In the same way, FIG. 17 is a view showing a data arrangement for −16× reading. Data for −16× reading is disposed at the upper left and the lower right against the common data in FIG. 14. The data for −16× reading is repeatedly recorded three times. Each data is formed of 3 SBs from S0 to S2, and a space of 5 SBs is placed between the data. Data S0 to S2 is recorded in the order reverse to that used for the data for +16× reading shown in FIG. 16. With this arrangement, the trace-error tolerance becomes ±10.5 SBs.

In the data arrangement shown in FIG. 16 or FIG. 17, the number of times data is recorded is set to three and a space as wide as 5 SBs or 7 SBs is placed between the data to increase the trace-error tolerance.

A data arrangement for 32× reading will be described next. FIG. 18 shows a data arrangement obtained in a case in which data for 32× reading is repeatedly recorded four times. This data arrangement is shown in units of sync blocks in FIG. 19. When data is not recorded four times, in other words, when data (common data) is recorded only once at the center area of a track, as shown in FIG. 8, the trace-error tolerance is ±1 SBs.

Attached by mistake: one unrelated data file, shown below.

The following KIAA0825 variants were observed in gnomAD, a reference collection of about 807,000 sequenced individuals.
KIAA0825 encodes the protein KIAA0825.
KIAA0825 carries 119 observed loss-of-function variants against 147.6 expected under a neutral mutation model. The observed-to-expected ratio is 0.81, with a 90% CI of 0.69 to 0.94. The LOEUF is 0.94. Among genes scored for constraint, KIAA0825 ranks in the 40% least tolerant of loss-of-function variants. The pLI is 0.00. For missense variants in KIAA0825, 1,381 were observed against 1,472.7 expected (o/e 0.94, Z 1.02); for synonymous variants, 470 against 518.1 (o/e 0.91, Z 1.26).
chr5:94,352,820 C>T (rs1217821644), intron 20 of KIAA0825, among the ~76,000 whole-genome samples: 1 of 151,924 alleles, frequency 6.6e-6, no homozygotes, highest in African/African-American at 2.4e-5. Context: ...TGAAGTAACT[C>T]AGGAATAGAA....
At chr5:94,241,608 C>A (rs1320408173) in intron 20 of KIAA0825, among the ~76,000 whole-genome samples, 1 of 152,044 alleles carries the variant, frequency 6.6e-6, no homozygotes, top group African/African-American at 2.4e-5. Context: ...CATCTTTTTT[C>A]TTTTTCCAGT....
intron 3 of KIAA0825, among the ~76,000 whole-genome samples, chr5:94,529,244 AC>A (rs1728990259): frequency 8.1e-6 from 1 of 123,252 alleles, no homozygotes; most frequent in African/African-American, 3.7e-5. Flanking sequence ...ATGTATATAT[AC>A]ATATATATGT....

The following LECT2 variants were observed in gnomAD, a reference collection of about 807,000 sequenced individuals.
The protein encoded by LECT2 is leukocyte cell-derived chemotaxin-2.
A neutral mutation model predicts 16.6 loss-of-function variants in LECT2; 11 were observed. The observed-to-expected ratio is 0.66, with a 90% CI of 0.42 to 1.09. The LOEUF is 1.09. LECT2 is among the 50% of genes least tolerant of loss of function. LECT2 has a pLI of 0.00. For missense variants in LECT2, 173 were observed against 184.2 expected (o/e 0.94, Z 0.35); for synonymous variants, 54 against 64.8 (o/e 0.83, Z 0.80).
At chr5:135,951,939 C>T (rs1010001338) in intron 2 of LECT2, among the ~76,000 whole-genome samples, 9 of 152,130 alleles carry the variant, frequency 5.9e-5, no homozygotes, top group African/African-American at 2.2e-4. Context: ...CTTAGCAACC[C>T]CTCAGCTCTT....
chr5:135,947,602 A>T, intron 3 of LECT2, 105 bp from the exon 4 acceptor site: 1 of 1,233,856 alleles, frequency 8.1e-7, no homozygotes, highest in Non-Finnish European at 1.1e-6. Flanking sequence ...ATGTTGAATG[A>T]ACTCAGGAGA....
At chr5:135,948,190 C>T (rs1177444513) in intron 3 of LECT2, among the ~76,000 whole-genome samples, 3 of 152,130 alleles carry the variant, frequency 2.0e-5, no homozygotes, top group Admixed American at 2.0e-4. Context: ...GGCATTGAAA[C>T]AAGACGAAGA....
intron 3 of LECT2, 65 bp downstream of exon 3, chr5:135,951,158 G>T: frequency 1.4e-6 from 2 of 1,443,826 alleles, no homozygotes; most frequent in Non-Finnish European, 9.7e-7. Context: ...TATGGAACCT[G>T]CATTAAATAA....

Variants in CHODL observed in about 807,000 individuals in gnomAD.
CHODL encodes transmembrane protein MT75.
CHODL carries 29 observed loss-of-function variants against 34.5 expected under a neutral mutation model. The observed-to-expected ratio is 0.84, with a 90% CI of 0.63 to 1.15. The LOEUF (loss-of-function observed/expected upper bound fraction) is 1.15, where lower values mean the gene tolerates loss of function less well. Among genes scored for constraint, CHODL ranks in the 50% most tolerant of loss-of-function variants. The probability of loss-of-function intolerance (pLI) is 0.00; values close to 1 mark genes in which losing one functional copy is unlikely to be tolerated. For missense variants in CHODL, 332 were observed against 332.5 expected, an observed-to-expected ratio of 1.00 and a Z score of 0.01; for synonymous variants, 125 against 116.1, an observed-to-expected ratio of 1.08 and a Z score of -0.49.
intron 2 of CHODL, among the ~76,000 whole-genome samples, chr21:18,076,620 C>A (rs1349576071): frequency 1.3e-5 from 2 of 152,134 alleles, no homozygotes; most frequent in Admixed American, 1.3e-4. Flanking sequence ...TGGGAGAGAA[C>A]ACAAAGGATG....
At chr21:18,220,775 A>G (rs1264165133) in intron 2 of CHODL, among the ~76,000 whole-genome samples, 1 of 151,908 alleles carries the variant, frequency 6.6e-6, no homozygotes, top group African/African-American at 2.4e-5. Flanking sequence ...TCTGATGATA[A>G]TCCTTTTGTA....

During 32× reading, the amount of data in 4 SBs can be captured in one track. The amount of data in two SBs from S0 to S1 has to be captured in one trace. Under these conditions, when the data is repeatedly recorded four times, the trace-error tolerance is increased to ±7 SBs. A space corresponding to the number M of sync blocks, calculated by the expression (1), is placed between data recorded repeatedly in this way.

FIG. 20 shows another data arrangement for 32× reading. Data for 32× reading is repeatedly recorded three times, four times, or five times in the data arrangement shown in FIG. 20. Also in the data arrangement shown in FIG. 20, a space corresponding to the number M of sync blocks, calculated by the expression (1), is placed between the data.